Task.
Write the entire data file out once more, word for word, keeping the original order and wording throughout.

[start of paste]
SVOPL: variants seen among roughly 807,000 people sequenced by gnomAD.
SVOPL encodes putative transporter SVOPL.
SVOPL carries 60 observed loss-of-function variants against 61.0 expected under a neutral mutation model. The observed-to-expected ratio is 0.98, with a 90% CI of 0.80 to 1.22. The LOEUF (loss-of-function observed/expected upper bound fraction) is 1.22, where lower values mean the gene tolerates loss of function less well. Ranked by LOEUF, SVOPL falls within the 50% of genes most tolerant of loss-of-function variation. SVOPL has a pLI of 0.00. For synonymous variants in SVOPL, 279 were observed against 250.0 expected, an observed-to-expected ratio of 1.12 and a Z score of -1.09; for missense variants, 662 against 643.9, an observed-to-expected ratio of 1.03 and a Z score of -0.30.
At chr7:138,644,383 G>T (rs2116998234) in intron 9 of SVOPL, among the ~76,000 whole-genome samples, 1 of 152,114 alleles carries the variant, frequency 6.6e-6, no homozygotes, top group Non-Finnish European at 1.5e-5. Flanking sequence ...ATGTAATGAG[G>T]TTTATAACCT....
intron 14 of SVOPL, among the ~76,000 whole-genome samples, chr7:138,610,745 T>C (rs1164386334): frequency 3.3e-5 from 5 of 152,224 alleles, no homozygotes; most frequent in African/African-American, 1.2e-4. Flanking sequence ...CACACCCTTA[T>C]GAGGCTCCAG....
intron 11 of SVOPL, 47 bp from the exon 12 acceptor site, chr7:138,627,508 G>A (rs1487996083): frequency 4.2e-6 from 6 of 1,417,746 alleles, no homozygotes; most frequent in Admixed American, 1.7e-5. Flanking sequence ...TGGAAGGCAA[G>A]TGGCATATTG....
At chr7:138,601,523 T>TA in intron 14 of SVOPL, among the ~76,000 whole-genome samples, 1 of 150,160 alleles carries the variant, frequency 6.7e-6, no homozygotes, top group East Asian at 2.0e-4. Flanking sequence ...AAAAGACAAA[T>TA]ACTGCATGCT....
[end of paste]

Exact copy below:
SVOPL: variants seen among roughly 807,000 people sequenced by gnomAD.
SVOPL encodes putative transporter SVOPL.
SVOPL carries 60 observed loss-of-function variants against 61.0 expected under a neutral mutation model. The observed-to-expected ratio is 0.98, with a 90% CI of 0.80 to 1.22. The LOEUF (loss-of-function observed/expected upper bound fraction) is 1.22, where lower values mean the gene tolerates loss of function less well. Ranked by LOEUF, SVOPL falls within the 50% of genes most tolerant of loss-of-function variation. SVOPL has a pLI of 0.00. For synonymous variants in SVOPL, 279 were observed against 250.0 expected, an observed-to-expected ratio of 1.12 and a Z score of -1.09; for missense variants, 662 against 643.9, an observed-to-expected ratio of 1.03 and a Z score of -0.30.
At chr7:138,644,383 G>T (rs2116998234) in intron 9 of SVOPL, among the ~76,000 whole-genome samples, 1 of 152,114 alleles carries the variant, frequency 6.6e-6, no homozygotes, top group Non-Finnish European at 1.5e-5. Flanking sequence ...ATGTAATGAG[G>T]TTTATAACCT....
intron 14 of SVOPL, among the ~76,000 whole-genome samples, chr7:138,610,745 T>C (rs1164386334): frequency 3.3e-5 from 5 of 152,224 alleles, no homozygotes; most frequent in African/African-American, 1.2e-4. Flanking sequence ...CACACCCTTA[T>C]GAGGCTCCAG....
intron 11 of SVOPL, 47 bp from the exon 12 acceptor site, chr7:138,627,508 G>A (rs1487996083): frequency 4.2e-6 from 6 of 1,417,746 alleles, no homozygotes; most frequent in Admixed American, 1.7e-5. Flanking sequence ...TGGAAGGCAA[G>A]TGGCATATTG....
At chr7:138,601,523 T>TA in intron 14 of SVOPL, among the ~76,000 whole-genome samples, 1 of 150,160 alleles carries the variant, frequency 6.7e-6, no homozygotes, top group East Asian at 2.0e-4. Flanking sequence ...AAAAGACAAA[T>TA]ACTGCATGCT....